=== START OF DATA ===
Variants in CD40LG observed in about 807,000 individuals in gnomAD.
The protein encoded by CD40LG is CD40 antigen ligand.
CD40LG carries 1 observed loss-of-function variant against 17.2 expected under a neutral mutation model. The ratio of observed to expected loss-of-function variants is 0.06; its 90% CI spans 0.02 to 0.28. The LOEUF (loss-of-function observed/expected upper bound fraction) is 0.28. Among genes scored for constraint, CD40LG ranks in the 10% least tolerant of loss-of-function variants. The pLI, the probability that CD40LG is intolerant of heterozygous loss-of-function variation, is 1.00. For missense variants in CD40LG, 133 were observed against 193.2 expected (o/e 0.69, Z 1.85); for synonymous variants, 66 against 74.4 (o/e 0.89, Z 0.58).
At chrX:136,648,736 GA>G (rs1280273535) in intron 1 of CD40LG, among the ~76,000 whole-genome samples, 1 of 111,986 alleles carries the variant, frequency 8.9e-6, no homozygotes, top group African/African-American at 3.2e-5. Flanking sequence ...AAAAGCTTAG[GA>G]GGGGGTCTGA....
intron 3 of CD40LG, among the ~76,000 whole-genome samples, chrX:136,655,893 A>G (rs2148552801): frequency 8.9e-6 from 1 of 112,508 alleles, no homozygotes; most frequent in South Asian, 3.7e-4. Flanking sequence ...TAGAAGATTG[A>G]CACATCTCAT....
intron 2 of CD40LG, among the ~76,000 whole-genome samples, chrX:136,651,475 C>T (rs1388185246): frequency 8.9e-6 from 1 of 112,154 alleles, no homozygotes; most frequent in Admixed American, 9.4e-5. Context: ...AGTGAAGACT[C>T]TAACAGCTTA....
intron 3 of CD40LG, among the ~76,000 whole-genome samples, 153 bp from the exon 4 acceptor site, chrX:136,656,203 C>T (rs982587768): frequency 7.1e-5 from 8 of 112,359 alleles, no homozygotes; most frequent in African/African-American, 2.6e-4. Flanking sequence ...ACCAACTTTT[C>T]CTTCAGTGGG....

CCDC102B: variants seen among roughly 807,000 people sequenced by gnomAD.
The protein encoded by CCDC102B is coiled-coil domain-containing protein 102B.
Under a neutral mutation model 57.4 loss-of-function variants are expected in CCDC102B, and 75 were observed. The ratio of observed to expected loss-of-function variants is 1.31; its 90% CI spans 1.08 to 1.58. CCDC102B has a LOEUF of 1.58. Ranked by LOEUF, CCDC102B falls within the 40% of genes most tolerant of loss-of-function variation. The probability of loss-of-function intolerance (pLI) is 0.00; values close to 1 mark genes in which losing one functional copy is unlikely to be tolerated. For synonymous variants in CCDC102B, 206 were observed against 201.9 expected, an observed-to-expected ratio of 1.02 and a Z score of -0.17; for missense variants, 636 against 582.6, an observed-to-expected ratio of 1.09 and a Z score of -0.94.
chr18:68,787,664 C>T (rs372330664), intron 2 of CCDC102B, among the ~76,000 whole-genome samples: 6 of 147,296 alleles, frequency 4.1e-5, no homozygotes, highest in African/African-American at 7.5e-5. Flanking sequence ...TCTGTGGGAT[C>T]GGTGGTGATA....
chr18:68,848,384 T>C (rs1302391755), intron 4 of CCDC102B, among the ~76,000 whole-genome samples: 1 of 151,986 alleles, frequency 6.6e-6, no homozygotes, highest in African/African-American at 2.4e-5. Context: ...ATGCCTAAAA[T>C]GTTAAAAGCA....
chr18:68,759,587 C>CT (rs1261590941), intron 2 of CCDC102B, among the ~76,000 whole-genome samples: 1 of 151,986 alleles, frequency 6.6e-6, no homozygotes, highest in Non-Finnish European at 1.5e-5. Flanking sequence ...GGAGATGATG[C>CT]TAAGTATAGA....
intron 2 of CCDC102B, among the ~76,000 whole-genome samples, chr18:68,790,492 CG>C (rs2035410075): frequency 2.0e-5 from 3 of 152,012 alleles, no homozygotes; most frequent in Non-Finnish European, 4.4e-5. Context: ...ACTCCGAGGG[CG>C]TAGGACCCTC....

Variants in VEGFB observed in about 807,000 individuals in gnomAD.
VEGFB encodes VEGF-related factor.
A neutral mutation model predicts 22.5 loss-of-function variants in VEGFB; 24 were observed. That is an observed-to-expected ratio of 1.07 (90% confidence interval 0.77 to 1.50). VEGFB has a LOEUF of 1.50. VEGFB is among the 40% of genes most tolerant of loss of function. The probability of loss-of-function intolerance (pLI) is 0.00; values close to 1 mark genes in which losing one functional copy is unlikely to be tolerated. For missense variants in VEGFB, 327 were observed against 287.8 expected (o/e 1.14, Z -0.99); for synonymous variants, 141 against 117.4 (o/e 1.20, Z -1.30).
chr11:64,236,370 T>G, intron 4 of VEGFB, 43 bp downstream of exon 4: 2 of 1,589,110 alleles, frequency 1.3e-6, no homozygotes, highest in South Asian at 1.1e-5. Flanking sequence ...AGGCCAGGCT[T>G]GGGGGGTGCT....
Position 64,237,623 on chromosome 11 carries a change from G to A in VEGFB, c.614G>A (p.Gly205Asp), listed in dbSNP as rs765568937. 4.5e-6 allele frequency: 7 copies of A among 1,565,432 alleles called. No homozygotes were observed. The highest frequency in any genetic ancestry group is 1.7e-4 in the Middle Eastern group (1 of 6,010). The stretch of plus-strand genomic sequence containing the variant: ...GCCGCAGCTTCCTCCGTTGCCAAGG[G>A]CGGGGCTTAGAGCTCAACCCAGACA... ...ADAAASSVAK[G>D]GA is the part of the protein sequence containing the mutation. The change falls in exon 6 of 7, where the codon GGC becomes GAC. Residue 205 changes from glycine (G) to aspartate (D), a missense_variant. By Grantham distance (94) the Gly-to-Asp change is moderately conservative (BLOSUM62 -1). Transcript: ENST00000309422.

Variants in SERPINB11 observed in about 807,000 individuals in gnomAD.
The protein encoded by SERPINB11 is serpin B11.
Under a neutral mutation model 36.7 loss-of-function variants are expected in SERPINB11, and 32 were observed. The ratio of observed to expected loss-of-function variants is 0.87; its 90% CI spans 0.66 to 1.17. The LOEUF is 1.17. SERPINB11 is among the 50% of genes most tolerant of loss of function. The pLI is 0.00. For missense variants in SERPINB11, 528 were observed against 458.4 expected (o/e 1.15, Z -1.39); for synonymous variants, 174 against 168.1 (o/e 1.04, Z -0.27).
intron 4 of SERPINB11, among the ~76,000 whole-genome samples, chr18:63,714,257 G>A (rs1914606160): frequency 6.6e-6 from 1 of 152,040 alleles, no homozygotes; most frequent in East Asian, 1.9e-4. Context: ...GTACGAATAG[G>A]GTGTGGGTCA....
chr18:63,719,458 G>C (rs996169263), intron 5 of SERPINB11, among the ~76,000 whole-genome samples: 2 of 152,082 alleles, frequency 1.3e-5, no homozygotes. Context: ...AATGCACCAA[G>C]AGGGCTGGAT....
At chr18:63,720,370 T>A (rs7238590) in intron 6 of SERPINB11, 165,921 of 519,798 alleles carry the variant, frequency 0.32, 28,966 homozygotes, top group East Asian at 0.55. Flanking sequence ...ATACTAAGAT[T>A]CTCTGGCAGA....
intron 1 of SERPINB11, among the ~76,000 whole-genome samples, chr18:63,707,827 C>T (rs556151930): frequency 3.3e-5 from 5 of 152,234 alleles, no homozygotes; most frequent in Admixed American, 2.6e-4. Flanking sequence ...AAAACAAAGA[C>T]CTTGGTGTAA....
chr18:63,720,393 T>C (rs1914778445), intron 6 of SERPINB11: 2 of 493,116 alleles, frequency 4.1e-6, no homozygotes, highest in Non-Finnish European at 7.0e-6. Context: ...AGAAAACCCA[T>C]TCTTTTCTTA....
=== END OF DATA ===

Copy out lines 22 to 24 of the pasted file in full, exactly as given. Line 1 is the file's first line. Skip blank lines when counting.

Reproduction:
Under a neutral mutation model 36.7 loss-of-function variants are expected in SERPINB11, and 32 were observed. The ratio of observed to expected loss-of-function variants is 0.87; its 90% CI spans 0.66 to 1.17. The LOEUF is 1.17. SERPINB11 is among the 50% of genes most tolerant of loss of function. The pLI is 0.00. For missense variants in SERPINB11, 528 were observed against 458.4 expected (o/e 1.15, Z -1.39); for synonymous variants, 174 against 168.1 (o/e 1.04, Z -0.27).
intron 4 of SERPINB11, among the ~76,000 whole-genome samples, chr18:63,714,257 G>A (rs1914606160): frequency 6.6e-6 from 1 of 152,040 alleles, no homozygotes; most frequent in East Asian, 1.9e-4. Context: ...GTACGAATAG[G>A]GTGTGGGTCA....
chr18:63,719,458 G>C (rs996169263), intron 5 of SERPINB11, among the ~76,000 whole-genome samples: 2 of 152,082 alleles, frequency 1.3e-5, no homozygotes. Context: ...AATGCACCAA[G>C]AGGGCTGGAT....